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Archive for June 17th, 2022

Politicians mostly care about getting reelected and wielding power, so they pay attention to polls because they want to know what to say.

As a libertarian, I pay attention to polling data because I want to understand where the public has sensible views and where the public has silly views.

And if public opinion is misguided, it tells me to do more work.

But I also follow public opinion research because it is helpful to find out what words and phrases are best to use.

  • People are more supportive of getting rid of the “death tax” than the are of getting rid of the “estate tax.”
  • People are more supportive of an economic system of  “free enterprise” than they are of “capitalism.”
  • People are more supportive of “personal retirement accounts” than they are of “Social Security privatization.”

As a policy wonk, I find it strange that people will like or dislike a policy simply because different words are used.

But I pay attention because I want to figure out the most effective way of advancing economic liberty.

I’m providing all this background because the folks at the Pew Research Center have some new polling data on how Americans view government.

Some of the results are very encouraging, such as the very low level of trust in Washington.

But there’s a somewhat depressing paradox.

Most people have a low opinion of the federal government, but they still want Washington to play a big role.

As is often the case, I wonder whether voters are being asked well-designed questions.

For instance, one of the above examples is that people want a federal government that “effectively” handles threats to public health.

Perhaps it would have been more interesting and illuminating, however, if Pew had asked people whether the CDC and FDA actually are effective? Give their wretched incompetence during the pandemic, I would hope the poll would have found different results.

Likewise, most Americans wants to federal government to help people out of poverty. But what does that actually mean?

Bernie Sanders presumably would answer yes because he wants higher taxes and more redistribution, while I might answer yes because I want lower taxes and smaller government.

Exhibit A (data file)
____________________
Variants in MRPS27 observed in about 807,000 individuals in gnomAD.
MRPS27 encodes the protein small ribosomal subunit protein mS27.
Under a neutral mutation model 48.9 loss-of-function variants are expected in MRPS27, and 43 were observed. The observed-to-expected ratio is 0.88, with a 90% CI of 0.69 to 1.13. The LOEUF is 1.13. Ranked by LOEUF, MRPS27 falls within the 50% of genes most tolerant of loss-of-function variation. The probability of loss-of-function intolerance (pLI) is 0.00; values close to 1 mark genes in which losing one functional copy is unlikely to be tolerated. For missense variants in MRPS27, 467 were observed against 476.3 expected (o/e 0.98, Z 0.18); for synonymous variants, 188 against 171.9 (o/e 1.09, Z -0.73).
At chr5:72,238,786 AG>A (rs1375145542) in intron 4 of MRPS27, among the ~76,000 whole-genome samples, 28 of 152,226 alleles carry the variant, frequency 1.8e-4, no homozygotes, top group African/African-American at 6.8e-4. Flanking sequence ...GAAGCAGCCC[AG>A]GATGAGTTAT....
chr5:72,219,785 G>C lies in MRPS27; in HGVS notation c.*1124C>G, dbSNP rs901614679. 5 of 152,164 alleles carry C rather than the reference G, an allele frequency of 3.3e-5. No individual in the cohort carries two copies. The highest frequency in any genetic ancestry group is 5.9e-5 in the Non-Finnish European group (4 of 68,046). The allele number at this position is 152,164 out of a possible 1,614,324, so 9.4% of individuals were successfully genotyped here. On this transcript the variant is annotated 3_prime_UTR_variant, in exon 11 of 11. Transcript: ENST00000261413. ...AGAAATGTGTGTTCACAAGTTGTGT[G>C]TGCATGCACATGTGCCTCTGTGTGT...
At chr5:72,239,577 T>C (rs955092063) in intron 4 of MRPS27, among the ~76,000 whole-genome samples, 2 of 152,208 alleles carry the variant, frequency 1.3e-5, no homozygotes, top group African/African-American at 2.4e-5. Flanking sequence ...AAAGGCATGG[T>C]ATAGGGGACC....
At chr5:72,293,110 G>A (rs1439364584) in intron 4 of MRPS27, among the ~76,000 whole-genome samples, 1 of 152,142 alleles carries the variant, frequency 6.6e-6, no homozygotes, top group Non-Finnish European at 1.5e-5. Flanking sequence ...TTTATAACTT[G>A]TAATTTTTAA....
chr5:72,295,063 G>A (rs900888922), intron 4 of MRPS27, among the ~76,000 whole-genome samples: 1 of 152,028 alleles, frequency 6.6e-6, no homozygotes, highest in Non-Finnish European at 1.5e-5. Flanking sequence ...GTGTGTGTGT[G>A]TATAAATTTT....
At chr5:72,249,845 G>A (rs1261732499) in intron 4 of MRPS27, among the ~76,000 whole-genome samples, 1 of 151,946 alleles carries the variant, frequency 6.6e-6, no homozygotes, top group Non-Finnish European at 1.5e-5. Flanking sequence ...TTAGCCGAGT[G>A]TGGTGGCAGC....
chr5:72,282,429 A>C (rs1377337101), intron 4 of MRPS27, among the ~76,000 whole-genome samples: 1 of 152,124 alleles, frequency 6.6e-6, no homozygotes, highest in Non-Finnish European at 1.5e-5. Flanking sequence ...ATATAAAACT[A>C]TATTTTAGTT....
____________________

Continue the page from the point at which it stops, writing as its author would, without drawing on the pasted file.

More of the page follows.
But I’m digressing. They key issue I want to address is the paradox of people having disdain for the federal government while still supporting government involvement.

And this brings me to this polling data about most people thinking Washington is involved in areas that should be left to state governments.

Indeed, the Pew report shows that the federal government is viewed most unfavorably and local governments get the best grades.

To me, this suggests that a “federalism” agenda could be popular.

And I frequently make the case for decentralization (on a wide range of issues, such as Medicaid, the pandemic, food stamps, infrastructure, etc).

To be sure, federalism is not a slam-dunk. After all, Pew shows that most Americans can’t identify a single area where their state governments do a good job.

I’ll close by observing that Switzerland is the gold standard for federalism, and that nation is very successful.

Heck, there’s even IMF research showing decentralization produces better results.

So what’s the key takeaway?

Well, federalism has declined in the United States and we are getting worse results. But perhaps a restoration campaign would be politically successful. After all, welfare reform was popular in the 1990s. Why not expand the idea?

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